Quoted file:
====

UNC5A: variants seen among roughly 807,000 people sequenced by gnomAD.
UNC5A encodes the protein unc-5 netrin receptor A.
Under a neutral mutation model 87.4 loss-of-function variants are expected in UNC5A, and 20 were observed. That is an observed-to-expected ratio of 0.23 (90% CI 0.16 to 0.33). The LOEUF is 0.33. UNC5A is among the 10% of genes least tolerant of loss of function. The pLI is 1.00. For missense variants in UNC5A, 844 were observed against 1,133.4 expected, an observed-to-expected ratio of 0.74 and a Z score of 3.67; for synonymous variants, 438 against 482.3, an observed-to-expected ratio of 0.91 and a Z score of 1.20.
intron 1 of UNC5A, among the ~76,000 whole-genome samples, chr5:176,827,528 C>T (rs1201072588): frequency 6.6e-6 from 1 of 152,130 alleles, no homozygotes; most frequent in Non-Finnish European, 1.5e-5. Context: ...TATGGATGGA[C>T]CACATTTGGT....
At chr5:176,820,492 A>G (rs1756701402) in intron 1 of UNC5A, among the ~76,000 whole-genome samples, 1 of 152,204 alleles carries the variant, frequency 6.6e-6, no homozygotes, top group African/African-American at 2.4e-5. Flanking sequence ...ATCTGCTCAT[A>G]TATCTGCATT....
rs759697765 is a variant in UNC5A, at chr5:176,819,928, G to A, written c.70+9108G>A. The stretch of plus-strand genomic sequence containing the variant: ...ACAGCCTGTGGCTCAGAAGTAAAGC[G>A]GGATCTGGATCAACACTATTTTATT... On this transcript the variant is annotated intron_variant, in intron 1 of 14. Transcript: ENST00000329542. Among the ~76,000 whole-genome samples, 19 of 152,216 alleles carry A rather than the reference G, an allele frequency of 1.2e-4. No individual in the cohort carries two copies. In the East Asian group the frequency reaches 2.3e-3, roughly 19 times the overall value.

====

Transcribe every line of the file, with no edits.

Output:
UNC5A: variants seen among roughly 807,000 people sequenced by gnomAD.
UNC5A encodes the protein unc-5 netrin receptor A.
Under a neutral mutation model 87.4 loss-of-function variants are expected in UNC5A, and 20 were observed. That is an observed-to-expected ratio of 0.23 (90% CI 0.16 to 0.33). The LOEUF is 0.33. UNC5A is among the 10% of genes least tolerant of loss of function. The pLI is 1.00. For missense variants in UNC5A, 844 were observed against 1,133.4 expected, an observed-to-expected ratio of 0.74 and a Z score of 3.67; for synonymous variants, 438 against 482.3, an observed-to-expected ratio of 0.91 and a Z score of 1.20.
intron 1 of UNC5A, among the ~76,000 whole-genome samples, chr5:176,827,528 C>T (rs1201072588): frequency 6.6e-6 from 1 of 152,130 alleles, no homozygotes; most frequent in Non-Finnish European, 1.5e-5. Context: ...TATGGATGGA[C>T]CACATTTGGT....
At chr5:176,820,492 A>G (rs1756701402) in intron 1 of UNC5A, among the ~76,000 whole-genome samples, 1 of 152,204 alleles carries the variant, frequency 6.6e-6, no homozygotes, top group African/African-American at 2.4e-5. Flanking sequence ...ATCTGCTCAT[A>G]TATCTGCATT....
rs759697765 is a variant in UNC5A, at chr5:176,819,928, G to A, written c.70+9108G>A. The stretch of plus-strand genomic sequence containing the variant: ...ACAGCCTGTGGCTCAGAAGTAAAGC[G>A]GGATCTGGATCAACACTATTTTATT... On this transcript the variant is annotated intron_variant, in intron 1 of 14. Transcript: ENST00000329542. Among the ~76,000 whole-genome samples, 19 of 152,216 alleles carry A rather than the reference G, an allele frequency of 1.2e-4. No individual in the cohort carries two copies. In the East Asian group the frequency reaches 2.3e-3, roughly 19 times the overall value.